Knowledge integration for societal challenges: from interdisciplinarity to research portfolio analysis
For research to address societal challenges, indicators of average degree of ‘interdisciplinarity’ are not relevant. Instead, we propose a portfolio approach to analyze knowledge integration as a systemic process; in particular, the directions, diversity and synergies of research trajectories.
‘Convergence’ as knowledge integration for grappling with societal challenges
Last October the US National Academies held a workshop (available here) to gather views on how to better measure and assess the implications of interdisciplinarity, or convergence, for research and innovation. The use of the term convergence as a synonym of interdisciplinarity followed from two previous reports by the National Academies (2014 and 2019). These reports understood convergence as the ‘integration of knowledge and ways of thinking to tackle complex challenges and achieve new and innovative solutions that could not otherwise be obtained.’ (A discourse that echoes European discourse on interdisciplinarity for grand challenges and missions.)
In this blog, I will summarise the argument I put forward in the workshop: that for mapping progress towards this goal (that is: the successful knowledge integration for addressing a given societal challenge), we should conduct multidimensional portfolio analyses on the types of knowledge to be integrated rather than produce synthetic indicators of interdisciplinarity.
For two main reasons. First, since knowledge integration for societal challenges is a systemic and dynamic process, we need broad and plural perspectives and therefore we should use a battery of analytical tools, as developed for example in research portfolio analysis, rather than a narrow focus on interdisciplinarity. The second reason is that while interdisciplinarity is one (but not the only) of the relevant concepts in knowledge integration, the concept of interdisciplinarity is too ambiguous, diverse and contextual to be captured by traditional indicators, as discussed in a previous blog.
Fostering plural innovation pathways in the face of uncertainty and ambiguity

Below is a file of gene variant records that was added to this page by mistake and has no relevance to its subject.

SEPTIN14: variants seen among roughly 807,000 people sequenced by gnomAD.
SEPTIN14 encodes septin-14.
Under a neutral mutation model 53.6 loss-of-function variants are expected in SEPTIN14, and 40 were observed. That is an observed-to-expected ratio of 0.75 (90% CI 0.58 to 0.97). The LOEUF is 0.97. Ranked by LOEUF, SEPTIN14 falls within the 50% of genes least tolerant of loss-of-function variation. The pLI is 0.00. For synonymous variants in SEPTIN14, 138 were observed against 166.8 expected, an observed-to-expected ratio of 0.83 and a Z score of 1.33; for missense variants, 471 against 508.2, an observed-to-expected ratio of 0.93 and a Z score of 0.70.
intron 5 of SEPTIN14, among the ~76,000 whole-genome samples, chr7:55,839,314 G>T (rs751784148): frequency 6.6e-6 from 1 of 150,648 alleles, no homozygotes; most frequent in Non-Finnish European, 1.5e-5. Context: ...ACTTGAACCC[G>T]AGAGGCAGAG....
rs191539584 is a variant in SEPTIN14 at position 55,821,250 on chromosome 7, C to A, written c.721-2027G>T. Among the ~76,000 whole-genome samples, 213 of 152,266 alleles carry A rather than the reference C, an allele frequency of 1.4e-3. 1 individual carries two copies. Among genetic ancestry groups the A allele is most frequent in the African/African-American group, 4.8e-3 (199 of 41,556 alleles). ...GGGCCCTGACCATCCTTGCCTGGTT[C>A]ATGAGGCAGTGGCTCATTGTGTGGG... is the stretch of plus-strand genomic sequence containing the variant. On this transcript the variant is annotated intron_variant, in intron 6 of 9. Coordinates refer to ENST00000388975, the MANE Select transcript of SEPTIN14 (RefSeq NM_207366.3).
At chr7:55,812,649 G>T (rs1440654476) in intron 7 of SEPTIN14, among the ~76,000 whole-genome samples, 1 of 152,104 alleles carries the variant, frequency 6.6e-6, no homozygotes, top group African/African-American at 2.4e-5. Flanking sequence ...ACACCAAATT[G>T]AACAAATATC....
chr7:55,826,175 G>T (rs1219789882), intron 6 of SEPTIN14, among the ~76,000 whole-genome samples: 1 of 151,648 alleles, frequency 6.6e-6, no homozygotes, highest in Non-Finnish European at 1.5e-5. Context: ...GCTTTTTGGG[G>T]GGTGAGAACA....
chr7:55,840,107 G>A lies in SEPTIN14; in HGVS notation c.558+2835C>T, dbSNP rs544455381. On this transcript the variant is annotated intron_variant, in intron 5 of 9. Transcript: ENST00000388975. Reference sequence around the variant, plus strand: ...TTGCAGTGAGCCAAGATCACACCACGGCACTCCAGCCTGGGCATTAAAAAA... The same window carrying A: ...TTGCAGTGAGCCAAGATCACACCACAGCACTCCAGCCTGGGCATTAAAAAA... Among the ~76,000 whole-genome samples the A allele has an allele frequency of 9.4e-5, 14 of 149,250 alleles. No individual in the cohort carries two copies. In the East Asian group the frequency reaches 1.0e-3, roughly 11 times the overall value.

It has long been argued that addressing societal challenges, such as climate change or COVID-19, benefits from the combination of disparate types of knowledge. Societal challenges are ‘wicked’ problems, in the sense that the framings of both the problems and the solutions are complex, disputed and uncertain.
Under these conditions of ambiguity and uncertainty, research contributions are likely to come from combinations of diverse types of knowledge (or ways of knowing). This is: diversity within projects is needed. However, diversity across projects is also necessary. Since we do not know or even agree in advance on what types of expertise are appropriate to tackle a given problem, it is also important to have a plurality of research trajectories. Take the example of malaria: in spite of decades of efforts to develop drugs or vaccines, the most successful strategies so far have been fighting mosquitoes that transmit it, in particular with insecticide-treated bed nets.
Therefore, rather than just aiming at fostering a ‘melting pot’ of disciplines, research systems should also produce a high number of disparate research trajectories – knowing that only some of them will ever be technically successful.
Moreover, different research and innovation pathways are not equally desirable from a public value perspective – directionality matters. Some solutions are more socially preferable than others depending on their effects on public goods such as equity or environmental sustainability. Which means that public investment, while keeping a diverse portfolio of research strategies, should favour those which are perceived as more socially robust and relatively underfunded by the private sector.
In summary, policy for S&T convergence should aim at fostering systemic diversity, rather than interdisciplinarity in every single project or program, but it should also take into account the preferred research directions in particular contexts or societies.
From ‘measuring’ interdisciplinarity to multi-level mapping of knowledge integration